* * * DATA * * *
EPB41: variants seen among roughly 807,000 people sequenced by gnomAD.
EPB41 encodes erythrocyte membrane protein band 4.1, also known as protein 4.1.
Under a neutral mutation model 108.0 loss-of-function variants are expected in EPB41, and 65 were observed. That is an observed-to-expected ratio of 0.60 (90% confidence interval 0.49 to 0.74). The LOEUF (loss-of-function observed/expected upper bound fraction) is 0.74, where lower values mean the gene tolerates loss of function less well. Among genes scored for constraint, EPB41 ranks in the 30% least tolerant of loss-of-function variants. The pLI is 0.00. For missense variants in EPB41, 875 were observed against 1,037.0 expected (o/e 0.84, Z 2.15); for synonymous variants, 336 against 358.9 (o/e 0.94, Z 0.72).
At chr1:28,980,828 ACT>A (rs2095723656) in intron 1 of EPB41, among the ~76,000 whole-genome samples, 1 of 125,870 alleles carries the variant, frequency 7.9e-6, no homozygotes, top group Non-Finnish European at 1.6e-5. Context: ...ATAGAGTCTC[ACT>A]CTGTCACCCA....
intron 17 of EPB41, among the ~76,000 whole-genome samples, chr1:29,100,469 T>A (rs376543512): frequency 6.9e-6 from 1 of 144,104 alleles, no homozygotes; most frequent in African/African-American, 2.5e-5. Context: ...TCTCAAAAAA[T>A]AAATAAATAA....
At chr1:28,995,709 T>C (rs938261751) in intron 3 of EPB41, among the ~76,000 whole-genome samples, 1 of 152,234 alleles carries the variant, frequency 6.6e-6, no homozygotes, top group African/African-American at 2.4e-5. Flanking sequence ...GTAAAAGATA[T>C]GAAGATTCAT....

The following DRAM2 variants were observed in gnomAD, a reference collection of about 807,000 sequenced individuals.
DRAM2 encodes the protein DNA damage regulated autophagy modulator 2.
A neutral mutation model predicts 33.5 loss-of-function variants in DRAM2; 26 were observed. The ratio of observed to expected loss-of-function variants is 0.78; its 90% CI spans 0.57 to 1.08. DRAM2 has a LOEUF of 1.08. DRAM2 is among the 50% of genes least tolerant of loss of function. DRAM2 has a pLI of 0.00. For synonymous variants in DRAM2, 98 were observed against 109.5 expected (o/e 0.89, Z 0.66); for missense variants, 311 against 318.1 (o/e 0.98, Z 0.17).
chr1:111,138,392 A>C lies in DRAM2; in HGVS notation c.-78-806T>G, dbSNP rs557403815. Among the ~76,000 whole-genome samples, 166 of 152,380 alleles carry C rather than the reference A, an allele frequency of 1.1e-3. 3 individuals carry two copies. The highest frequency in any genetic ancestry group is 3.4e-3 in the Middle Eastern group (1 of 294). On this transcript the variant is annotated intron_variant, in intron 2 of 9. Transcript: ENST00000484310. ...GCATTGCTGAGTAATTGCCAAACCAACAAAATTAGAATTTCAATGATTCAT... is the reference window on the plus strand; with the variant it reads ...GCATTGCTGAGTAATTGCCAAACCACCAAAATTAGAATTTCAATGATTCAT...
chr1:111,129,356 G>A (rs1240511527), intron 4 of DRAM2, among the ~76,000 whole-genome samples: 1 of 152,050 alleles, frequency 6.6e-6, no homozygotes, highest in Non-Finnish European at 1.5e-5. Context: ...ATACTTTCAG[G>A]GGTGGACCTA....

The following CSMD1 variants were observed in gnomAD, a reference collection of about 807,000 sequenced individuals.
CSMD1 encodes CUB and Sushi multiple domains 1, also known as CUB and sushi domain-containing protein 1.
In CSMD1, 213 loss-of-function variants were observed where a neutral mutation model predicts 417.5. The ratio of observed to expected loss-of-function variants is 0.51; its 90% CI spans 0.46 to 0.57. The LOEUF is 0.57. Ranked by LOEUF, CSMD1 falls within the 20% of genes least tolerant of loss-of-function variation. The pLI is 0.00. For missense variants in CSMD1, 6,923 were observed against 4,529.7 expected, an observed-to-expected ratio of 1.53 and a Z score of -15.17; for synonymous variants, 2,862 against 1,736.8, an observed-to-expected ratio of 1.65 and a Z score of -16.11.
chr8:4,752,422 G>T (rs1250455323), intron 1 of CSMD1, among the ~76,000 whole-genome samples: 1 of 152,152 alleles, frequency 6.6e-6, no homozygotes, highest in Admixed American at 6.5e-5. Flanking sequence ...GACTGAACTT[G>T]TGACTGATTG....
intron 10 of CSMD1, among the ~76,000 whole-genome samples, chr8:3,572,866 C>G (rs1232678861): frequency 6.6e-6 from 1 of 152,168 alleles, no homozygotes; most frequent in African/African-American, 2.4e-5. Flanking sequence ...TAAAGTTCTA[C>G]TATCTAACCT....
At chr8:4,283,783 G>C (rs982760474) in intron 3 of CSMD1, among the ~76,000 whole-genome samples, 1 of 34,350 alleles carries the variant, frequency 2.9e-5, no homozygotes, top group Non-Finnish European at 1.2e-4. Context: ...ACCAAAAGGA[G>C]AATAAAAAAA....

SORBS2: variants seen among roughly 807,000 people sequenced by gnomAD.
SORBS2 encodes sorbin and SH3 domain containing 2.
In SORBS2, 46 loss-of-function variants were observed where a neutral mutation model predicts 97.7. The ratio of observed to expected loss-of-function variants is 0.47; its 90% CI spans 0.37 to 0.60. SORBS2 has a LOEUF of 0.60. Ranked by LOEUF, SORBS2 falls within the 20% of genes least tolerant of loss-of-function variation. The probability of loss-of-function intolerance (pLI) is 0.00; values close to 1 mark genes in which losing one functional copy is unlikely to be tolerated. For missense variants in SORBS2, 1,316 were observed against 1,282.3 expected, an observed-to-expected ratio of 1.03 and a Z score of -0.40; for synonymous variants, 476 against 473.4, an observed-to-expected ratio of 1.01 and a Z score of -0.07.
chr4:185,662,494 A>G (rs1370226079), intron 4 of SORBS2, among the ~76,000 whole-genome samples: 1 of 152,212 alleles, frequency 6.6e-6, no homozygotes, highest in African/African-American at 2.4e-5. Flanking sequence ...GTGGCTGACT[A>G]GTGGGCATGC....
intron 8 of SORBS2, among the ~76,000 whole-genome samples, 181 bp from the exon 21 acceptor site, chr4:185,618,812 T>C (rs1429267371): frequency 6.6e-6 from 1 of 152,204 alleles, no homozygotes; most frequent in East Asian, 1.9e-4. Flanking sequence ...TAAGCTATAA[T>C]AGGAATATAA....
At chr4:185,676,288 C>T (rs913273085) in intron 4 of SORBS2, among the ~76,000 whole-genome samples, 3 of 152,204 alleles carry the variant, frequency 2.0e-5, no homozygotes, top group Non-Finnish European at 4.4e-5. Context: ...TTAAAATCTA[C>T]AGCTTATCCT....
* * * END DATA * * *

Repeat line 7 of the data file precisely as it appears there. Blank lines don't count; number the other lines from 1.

The following DRAM2 variants were observed in gnomAD, a reference collection of about 807,000 sequenced individuals.